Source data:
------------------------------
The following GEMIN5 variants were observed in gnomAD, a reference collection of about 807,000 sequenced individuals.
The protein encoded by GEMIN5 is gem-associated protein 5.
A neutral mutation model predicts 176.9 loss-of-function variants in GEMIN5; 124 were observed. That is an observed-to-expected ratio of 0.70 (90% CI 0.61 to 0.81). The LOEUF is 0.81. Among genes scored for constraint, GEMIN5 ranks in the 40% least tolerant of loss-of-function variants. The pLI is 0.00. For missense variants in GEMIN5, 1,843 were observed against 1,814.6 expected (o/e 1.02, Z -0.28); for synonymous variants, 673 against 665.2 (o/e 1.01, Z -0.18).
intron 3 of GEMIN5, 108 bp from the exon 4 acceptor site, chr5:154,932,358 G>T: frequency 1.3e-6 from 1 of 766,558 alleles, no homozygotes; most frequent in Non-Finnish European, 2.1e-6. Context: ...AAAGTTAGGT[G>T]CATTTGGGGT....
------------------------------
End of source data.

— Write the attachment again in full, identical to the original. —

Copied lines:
The following GEMIN5 variants were observed in gnomAD, a reference collection of about 807,000 sequenced individuals.
The protein encoded by GEMIN5 is gem-associated protein 5.
A neutral mutation model predicts 176.9 loss-of-function variants in GEMIN5; 124 were observed. That is an observed-to-expected ratio of 0.70 (90% CI 0.61 to 0.81). The LOEUF is 0.81. Among genes scored for constraint, GEMIN5 ranks in the 40% least tolerant of loss-of-function variants. The pLI is 0.00. For missense variants in GEMIN5, 1,843 were observed against 1,814.6 expected (o/e 1.02, Z -0.28); for synonymous variants, 673 against 665.2 (o/e 1.01, Z -0.18).
intron 3 of GEMIN5, 108 bp from the exon 4 acceptor site, chr5:154,932,358 G>T: frequency 1.3e-6 from 1 of 766,558 alleles, no homozygotes; most frequent in Non-Finnish European, 2.1e-6. Context: ...AAAGTTAGGT[G>T]CATTTGGGGT....